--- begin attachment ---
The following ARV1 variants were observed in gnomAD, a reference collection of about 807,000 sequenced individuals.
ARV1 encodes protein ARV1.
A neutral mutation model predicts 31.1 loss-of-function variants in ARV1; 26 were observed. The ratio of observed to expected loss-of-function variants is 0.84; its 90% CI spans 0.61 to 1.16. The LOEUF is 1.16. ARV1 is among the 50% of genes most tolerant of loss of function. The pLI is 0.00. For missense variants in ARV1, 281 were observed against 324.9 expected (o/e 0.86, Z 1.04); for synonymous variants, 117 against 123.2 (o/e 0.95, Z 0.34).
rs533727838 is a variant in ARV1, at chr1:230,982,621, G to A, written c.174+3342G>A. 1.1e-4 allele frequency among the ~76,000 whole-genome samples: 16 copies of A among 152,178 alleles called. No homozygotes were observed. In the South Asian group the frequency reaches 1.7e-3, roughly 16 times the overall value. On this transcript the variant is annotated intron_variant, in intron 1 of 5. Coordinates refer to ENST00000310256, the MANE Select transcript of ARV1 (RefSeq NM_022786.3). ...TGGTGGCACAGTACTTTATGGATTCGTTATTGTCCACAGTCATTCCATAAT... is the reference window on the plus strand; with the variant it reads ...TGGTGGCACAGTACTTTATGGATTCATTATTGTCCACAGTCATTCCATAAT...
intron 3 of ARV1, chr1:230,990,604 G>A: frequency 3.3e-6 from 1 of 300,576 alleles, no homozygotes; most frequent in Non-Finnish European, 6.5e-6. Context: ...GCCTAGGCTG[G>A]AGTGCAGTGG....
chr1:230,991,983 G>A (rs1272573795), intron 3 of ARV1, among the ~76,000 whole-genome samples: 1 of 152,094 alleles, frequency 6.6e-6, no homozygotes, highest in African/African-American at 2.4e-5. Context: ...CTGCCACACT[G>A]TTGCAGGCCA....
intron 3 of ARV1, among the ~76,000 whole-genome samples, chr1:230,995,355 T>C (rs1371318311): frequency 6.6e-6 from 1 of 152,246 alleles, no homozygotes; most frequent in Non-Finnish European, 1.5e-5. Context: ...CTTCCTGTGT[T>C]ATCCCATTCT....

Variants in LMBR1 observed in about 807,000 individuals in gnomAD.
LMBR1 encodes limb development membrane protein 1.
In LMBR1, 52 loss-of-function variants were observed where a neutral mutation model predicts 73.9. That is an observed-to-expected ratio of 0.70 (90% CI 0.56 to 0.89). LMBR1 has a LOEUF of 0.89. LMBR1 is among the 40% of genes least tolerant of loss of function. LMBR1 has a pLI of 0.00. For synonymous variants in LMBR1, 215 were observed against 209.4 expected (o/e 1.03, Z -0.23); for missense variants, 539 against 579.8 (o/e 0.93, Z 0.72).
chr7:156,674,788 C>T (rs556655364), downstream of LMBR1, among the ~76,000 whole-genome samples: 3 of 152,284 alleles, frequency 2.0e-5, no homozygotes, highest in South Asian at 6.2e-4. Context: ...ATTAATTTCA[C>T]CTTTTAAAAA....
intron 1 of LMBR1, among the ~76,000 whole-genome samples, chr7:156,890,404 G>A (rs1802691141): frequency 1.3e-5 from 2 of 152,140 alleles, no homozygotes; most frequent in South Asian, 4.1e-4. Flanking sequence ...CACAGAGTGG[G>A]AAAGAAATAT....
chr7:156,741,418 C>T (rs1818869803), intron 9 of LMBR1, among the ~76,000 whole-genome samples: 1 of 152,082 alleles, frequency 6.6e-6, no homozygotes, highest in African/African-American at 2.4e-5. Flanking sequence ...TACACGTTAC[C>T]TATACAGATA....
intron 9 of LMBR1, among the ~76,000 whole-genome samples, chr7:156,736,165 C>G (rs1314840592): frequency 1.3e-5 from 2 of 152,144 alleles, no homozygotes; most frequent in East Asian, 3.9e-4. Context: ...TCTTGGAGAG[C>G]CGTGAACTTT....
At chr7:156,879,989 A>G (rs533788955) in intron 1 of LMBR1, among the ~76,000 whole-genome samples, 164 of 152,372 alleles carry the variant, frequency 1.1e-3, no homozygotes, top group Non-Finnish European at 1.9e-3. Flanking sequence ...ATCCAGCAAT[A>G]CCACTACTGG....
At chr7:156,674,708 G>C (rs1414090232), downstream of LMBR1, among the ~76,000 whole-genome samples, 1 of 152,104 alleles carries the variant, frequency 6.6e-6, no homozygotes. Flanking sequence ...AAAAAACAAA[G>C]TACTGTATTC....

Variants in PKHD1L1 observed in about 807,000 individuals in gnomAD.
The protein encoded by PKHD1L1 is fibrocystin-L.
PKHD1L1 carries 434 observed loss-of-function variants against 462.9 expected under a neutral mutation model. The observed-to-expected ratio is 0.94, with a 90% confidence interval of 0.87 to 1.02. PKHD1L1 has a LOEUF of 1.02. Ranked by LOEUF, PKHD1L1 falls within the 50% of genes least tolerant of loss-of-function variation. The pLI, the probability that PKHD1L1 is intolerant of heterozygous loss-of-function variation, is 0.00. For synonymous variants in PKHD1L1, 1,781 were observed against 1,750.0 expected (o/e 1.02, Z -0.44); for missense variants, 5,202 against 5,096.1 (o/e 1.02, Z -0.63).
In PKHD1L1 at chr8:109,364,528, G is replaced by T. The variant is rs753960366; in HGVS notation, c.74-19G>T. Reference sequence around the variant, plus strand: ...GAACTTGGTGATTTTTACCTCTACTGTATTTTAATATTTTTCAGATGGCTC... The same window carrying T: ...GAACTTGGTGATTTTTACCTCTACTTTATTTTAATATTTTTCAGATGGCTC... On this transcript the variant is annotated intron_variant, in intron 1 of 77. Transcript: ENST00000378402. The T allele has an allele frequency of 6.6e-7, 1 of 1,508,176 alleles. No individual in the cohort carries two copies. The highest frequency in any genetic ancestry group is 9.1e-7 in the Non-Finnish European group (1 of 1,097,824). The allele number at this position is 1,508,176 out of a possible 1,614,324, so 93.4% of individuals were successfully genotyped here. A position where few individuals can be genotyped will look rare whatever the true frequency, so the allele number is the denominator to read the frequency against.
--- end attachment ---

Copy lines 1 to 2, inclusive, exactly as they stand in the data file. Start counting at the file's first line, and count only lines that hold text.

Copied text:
The following ARV1 variants were observed in gnomAD, a reference collection of about 807,000 sequenced individuals.
ARV1 encodes protein ARV1.